With those few remarks, I beg to support.
Mr. Deputy Speaker, Sir, thank you for giving me the opportunity. I want to support this Motion for Adjournment for various reasons. First, there is a meeting which is coming up. We have not also received our figures for the Constituencies Development Fund (CDF) and, therefore, we need to get them to enable us do our budget and plan for this financial year.
I do not want to say much but I would like to say that yes, the Constitution was passed by Kenyans and I would like to extend many congratulations to that extent. This new Constitution will never see the light of day if Kenyans do not change the way they do their things. The promulgation ceremony was meant to be the climax of the process of the constitution making but as we were in the process of the climax, it was very evident that those who went there had other issues. This Constitution is supposed to be a win-win situation. It is not meant to be a zero-sum game where one enjoys at the expense of the other. We all agree that the former President did many good things and maybe also did many bad things. But is it not time we stopped the habit of reminding him about one or two things that he did wrong all the time? It is not right to bring the youth to the ceremony to sing very funny songs against the former President. We invited other dignitaries to this event because it was meant to be a climax but some organized group came and abused them. The trend has continued. Even during the referendum period, we
witnessed similar events where the Vice-President was booed in a rally where everybody was supporting the Constitution. I think that is a habit that somebody must stop because that is not very good for Kenya. Nobody would like to see the President of Kenya being shouted at in Uganda as retaliation for what happened in Uhuru Park.
Therefore, the Government must look at those issues and address them. They must find out who is organizing those groups. There is no point, after some people have spoken, you see people walking out on the Head of State. It was not a very good sight. If this Constitution has to mean anything, then we must change the way we do things. Otherwise, it will be a case of new forest but the same monkeys inside who do the same old things.
With those few remarks, I support.
Mr. Deputy Speaker, Sir, I rise to support this Motion. I would like to join other hon. Members in congratulating Kenyans for enabling this country get a new Constitution. Indeed, it is a moment to cherish. I would like, at this juncture, to commend the way the Speaker of this National Assembly, the Deputy Speaker and all those who have chaired the different sittings of this House, have conducted the business of the House. I think you have shown us the way. We should be ashamed about people being shouted down. Had we followed you, we probably would not have faced these things.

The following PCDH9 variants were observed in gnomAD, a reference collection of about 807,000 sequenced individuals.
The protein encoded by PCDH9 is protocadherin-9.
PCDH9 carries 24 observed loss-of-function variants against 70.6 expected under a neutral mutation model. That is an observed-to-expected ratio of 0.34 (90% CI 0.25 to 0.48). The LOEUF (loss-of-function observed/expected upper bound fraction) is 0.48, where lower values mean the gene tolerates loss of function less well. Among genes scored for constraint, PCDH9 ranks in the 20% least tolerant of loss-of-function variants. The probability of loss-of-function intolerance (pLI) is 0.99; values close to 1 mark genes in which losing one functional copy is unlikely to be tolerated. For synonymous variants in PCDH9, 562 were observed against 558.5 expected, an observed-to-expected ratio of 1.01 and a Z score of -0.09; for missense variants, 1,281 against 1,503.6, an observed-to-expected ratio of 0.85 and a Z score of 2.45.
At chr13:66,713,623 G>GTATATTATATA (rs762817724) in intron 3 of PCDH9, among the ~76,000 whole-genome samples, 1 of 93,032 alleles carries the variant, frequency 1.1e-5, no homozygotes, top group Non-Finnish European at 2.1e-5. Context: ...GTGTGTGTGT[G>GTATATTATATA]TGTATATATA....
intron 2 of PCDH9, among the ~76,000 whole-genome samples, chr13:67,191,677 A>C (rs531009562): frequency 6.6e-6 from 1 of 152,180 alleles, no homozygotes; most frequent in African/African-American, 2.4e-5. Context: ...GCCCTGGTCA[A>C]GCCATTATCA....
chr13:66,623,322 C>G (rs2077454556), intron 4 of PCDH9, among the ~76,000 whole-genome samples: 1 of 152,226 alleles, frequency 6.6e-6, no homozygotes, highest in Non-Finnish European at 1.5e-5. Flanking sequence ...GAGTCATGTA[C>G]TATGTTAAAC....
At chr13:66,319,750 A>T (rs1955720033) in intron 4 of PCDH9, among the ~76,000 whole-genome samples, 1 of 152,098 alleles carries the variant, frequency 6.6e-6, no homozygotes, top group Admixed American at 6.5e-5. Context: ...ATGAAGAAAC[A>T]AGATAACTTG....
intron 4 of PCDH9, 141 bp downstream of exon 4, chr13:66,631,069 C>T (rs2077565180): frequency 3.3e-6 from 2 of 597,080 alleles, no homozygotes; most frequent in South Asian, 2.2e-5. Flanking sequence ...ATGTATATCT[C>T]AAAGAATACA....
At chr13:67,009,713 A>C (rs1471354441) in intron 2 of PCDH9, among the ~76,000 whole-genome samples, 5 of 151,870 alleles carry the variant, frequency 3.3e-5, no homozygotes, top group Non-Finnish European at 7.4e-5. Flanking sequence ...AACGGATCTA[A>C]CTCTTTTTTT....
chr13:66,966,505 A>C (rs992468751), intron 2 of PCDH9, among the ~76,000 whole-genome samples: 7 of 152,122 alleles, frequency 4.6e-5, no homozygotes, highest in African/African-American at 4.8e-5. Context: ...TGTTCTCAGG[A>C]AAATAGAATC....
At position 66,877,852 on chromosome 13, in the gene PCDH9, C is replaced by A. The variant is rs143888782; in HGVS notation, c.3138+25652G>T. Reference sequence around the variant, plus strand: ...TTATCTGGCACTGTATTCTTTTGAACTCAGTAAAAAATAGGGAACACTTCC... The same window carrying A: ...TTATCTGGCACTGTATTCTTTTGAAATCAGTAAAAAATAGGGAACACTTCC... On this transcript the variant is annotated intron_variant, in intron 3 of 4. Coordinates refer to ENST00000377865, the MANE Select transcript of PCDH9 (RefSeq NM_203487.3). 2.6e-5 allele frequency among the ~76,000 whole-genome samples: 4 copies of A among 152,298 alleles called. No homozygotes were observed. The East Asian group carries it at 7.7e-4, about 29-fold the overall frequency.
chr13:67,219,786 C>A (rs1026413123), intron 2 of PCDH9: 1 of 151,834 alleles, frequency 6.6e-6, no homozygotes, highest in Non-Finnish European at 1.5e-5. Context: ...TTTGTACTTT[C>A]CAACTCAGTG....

Mr. Deputy Speaker, Sir, I would like also to pay tribute to members of the House, the Back Bench for keeping the debates in the House in very good shape and for keeping us in the Front Bench on our toes. You have conducted yourselves as it should be and I really would want to commend you, particularly I. Coming from the Ministry of Education, I think the questions directed to the Ministry of Education have been mature and I would like to appreciate your work. I would like to appreciate also Members of the Front Bench for the effort they have made to answer most of the Questions. Finally, I would like to pay tribute to those who have come before us particularly the people who lost their lives in the struggle for this Constitution. I dare mention the names of those who may have gone before us and those who are still with us:- The late Adungosi, the late Bishop Muge and the late Mwachofi. Those who live with us, yourself, Mr. Deputy Speaker, Farah Maalim, you were in the struggle; Billow Kerrow, Abuya Abuya, Mwandawiro Mghanga, Matiba, Rubia, Shikuku, Ngugi wa Thiongo, Muite, Njoya, and many others and the mama mbogas who have participated actively in getting this Constitution. Let us congratulate one another and let us all cherish this beautiful moment. I beg to support.
Thank you very much, Mr. Deputy Speaker, Sir. I also stand to support this Motion and it will be very important because the MPs, including me, will go home and work for our people. Everybody knows that my constituency is one of the constituencies in the arid regions and we are doing a lot to try and improve the water situation in the constituency. When we come back, I will specifically expect that our Government will now fight corruption in a way that most of those big shots will be put behind bars if they are involved in corruption. If we do that, this country will start heading towards the right direction. I am sure that development will be a reality in future.
Mr. Deputy Speaker, Sir, let me join my colleagues in condemning what happened on the promulgation day. That was something that the whole world did not want. In fact, nobody will expect the same to happen in the future. We, the leaders,